instantaneous. One is launched, so to speak, into the new sport of synchronized wading. Also, the brittle sticks break right at your hand, and the longer section, which you might be tempted to grab for, floats rapidly and buoyantly downstream. Thus the origin of the phrase "getting the short stick". In mid-stream, suddenly staffless, I was awkward at first, but soon had a feel for the
pirouettes and arm-swinging contortions, accompanied by grunts and expletives, that characterize a beginner at synchronized wading. One rapidly recognizes the origin of the floor routine
in Gymnastics.
Hereabouts, when discussing the best rivers on which to practice synchronized wading, the two perennial favorites are the Deschutes, and the North Umpqua. The challenges are
different between them, of course, but I would give my personal nod to the North Umpqua because of the regular occurrence there of granite bedrock. Bedrock is to river bottoms what rubber
soles are to wading footwear. The Ultimate! I have found through experience that if I am wading and realize I am standing on bedrock, I break out into an instantaneous sweat and begin
shaking. It's actually the same reaction I have in anticipation of boarding a flight on XXXXXX Airlines. Finding bedrock, I know I'm rapidly going to be showing my skills in synchronized wading. The usual advantages of bedrock are obvious; the current oriented channels to challenge the cross current wader, the lack of gravel or structure to create unwanted friction, and
the often utter fishlessness of the environment. At least for me. I never catch fish over bedrock, I am so absorbed in the synchronized wading. While the Deschutes has occasional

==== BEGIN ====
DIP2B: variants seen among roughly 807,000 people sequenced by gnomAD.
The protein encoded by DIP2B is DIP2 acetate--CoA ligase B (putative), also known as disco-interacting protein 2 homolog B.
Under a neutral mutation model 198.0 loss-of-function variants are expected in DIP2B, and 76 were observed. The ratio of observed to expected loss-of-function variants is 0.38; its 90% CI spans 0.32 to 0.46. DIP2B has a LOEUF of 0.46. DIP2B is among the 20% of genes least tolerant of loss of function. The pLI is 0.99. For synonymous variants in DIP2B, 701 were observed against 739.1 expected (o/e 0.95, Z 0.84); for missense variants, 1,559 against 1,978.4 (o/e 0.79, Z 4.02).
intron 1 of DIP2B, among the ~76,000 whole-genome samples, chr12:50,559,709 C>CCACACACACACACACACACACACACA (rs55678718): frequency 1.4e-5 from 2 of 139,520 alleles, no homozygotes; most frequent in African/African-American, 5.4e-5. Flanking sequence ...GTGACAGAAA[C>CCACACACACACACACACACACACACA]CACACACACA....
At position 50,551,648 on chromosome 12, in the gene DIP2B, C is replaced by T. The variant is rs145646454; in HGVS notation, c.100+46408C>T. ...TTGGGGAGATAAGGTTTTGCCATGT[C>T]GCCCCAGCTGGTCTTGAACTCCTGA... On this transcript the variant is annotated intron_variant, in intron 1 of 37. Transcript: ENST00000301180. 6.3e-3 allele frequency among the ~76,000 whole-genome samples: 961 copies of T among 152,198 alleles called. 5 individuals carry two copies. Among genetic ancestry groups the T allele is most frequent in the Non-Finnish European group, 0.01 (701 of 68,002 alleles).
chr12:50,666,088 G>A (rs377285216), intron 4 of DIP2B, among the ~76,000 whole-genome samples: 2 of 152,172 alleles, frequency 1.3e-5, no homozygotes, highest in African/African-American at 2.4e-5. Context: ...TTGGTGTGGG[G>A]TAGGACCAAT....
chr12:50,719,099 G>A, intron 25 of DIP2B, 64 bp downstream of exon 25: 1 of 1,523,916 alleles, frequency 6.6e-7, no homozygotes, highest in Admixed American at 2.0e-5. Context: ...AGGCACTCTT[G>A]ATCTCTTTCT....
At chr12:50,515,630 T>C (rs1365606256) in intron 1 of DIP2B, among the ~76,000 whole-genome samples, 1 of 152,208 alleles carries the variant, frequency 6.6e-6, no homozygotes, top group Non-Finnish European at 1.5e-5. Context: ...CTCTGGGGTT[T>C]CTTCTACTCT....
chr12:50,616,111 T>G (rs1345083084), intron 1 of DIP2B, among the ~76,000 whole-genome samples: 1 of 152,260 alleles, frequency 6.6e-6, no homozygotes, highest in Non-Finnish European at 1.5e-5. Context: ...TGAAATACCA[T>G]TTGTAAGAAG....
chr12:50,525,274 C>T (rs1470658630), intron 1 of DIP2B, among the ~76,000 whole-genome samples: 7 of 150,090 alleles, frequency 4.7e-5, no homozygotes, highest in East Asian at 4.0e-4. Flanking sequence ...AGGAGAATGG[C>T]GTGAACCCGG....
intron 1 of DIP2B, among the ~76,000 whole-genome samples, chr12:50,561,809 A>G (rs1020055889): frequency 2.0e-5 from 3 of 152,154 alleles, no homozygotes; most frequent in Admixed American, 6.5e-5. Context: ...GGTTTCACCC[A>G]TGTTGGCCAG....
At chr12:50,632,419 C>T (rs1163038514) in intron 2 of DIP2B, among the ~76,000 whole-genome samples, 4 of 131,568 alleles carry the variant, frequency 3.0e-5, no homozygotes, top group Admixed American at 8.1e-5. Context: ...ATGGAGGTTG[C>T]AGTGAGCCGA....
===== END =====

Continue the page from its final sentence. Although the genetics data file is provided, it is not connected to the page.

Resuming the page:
bedrock, the North Umpqua takes it a step beyond with bedrock RAMPS.
Imagine a 50 foot perfectly smooth bedrock ramp oriented downstream with a six inch drop from top to bottom ending in deep blue (naturally). It kind of makes your mouth water, doesn't it? Like the perfect wave. I found such a ramp on the North Umpqua. I know exactly where it is, and I'm not telling. Like good fishing holes, such knowledge does not come easily. It starts just a few steps downstream from the obvious casting point on a very good hole. Keep looking, you'll find it for yourself. I know I'm not the first to discover this ramp, because someone else coined the term "inexorable". I have, however, relived the sense of excitement as that person conceived, defined, and patented the word "inexorable" during the 50 seconds or so it takes to slide down to the end of the ramp. It's just amazing what a slow current and a 1/2% grade can do when there is absolute zero friction! This is an excellent ramp on which to perfect such standard synchronized wading

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